“Systems haven’t been adapted properly for the Holidays Act, even though it’s been there since 2003.”
Let’s analyse that in relation to this post.
Here are some specific issues mentioned.
- “One of the issues affecting midwives was the payroll system treating their 12-hour shifts as eight-hour shifts, which meant one-and-a-half days was deducted from their leave entitlement instead of one.” – This is the job of a rostering / time and attendance system. Most payroll systems are inherently unaware of shift patterns. To add to that, this is not a software coding issue but a configuration issue. Who is responsible? Well, we don’t know the ins and outs but at some point, someone will have had to draw up a requirements document, test, parallel run, sign of, oh and use the system for 18 years and only now it comes to light? Only one thing comes to mind – people, not systems or The Act.
- “Annual leave was determined in weeks, not hours or days, which added complexity. The group had spent months trying to determine what a week was, Ovens said“ – Let’s wind back to the 2004 or 2005 when MBIE (then department of labour) had their first set of guidelines to the act released. Guess what? It explicitly allowed the use of hours. Do you think every payroll system in New Zealand would consciously write their software to be non-compliant? I don’t think so. In addition to this, weeks really is the most fair representation of “time off” and it really is not that hard – it is a case of pure maths. Who is the culprit here? I’d like to suggest MBIE themselves.
- “A lot of midwives also picked up extra shifts but had not received the corresponding increase in annual leave entitlement.” – Had leave been accounted for in weeks as per the holidays act, this would become a non-issue. Regardless of how many shifts / hours you work, you get 4 weeks (per minimum legislation) – it’s that simple. This issue again points to the original guidelines from MBIE allowing for hours. Had weeks been enforced from day 1 of the act, the majority of the remediation issues would not exist today.
- “Some boards had also not calculated employees’ gross earnings properly when they left or moved to another health board” – This is definitely not a system issue as all systems allow you to choose what to include in gross earnings. To get gross earnings right, it requires some homework to appropriately categorise all your allowances and set them up accordingly. People will have been involved at some stage to make a call on what to include and exclude.
Going back to the opening statement, yes many systems have not been adapted to calculating in weeks. One could say this has something to do with the original guidelines released by MBIE and from then on it seems to have become habit. Other than that, none of the other issues mentioned are system development issues but decisions and utilisation by people.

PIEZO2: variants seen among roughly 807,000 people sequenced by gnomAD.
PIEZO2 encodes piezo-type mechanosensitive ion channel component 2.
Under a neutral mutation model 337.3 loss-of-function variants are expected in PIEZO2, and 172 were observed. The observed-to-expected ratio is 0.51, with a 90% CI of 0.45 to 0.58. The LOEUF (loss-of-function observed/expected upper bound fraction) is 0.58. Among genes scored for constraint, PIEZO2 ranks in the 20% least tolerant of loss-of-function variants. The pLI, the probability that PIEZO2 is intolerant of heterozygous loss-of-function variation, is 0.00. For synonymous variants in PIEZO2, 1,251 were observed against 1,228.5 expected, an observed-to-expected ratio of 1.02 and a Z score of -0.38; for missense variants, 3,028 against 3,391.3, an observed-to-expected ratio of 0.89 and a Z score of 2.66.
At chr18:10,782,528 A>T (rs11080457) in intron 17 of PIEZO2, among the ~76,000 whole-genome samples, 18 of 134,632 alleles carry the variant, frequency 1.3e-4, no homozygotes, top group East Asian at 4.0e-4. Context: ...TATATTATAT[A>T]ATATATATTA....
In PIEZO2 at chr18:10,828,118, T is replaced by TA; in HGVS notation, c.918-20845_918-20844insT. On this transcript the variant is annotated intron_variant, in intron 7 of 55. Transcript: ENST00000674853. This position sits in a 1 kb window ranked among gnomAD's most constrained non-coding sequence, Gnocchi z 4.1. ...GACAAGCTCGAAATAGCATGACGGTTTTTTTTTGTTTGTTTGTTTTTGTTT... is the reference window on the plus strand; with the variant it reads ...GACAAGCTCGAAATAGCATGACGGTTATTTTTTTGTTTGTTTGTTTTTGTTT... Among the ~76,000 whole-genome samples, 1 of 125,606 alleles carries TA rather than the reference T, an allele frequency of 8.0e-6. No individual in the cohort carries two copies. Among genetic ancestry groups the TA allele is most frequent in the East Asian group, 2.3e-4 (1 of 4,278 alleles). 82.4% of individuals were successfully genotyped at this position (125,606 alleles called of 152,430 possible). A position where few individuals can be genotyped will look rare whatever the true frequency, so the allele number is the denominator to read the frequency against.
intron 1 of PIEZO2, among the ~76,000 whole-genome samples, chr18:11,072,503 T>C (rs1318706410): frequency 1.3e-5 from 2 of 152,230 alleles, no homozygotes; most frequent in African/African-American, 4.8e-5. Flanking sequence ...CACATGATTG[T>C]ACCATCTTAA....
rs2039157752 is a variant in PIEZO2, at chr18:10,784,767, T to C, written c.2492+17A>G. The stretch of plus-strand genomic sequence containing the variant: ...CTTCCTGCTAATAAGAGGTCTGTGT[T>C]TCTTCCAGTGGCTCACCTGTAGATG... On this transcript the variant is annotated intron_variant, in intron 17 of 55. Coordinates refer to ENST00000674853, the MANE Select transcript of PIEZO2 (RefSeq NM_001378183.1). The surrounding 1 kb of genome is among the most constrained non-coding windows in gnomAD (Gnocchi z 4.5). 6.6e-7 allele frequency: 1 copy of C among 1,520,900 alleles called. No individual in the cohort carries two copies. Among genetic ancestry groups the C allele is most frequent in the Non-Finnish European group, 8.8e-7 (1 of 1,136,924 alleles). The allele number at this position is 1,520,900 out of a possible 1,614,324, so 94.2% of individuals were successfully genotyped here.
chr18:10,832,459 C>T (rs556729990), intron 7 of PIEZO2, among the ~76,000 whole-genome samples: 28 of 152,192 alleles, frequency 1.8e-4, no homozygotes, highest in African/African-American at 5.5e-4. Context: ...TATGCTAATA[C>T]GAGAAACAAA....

Who has to pay?
In the case of the DHBs, the government (ministry of Health) will be forking out the monies owed to employees. Could we use $1.15BIL in a better way? Sure!
- Hospitals are under-staffed
- Nurses are not paid enough in my view
- Some hospital buildings are appalling
- St. John is laying off staff as it cannot afford to operate
The problem is not that current and former staff are getting money back – they are owed this and deserve it. The issue is that millions of dollars are being paid to consultancy firms to help with the recalculations and also that the memorandum of understanding is far more favorable than the act itself. Yes, staff will get more money but guess what? So will the government in taxes.
No one talks about compliance going forward
Even with all that in mind, few actually talk about how systems and processes can be made compliant going forward. This is the real key because otherwise DHBs and all companies for that matter, may very well be non complaint again the very next day after paying their backpays.
We don’t need payroll systems, we need rostering, scheduling and strong time and attendance systems. These are key to accurately calculating in accordance with the act for complex environments like DHBs. Yes, payroll is important and has a lot of calculation to do as well but the best payroll system will not achieve compliance without a proper time and attendance and award interpretation engine.
What we also need is competent people owning payroll. It appears no one at these organisations themselves is at fault here, it is always a system or The Act. People should be held accountable and the profile of payroll and the importance of getting it right needs to be raised to one of the most important functions in a business.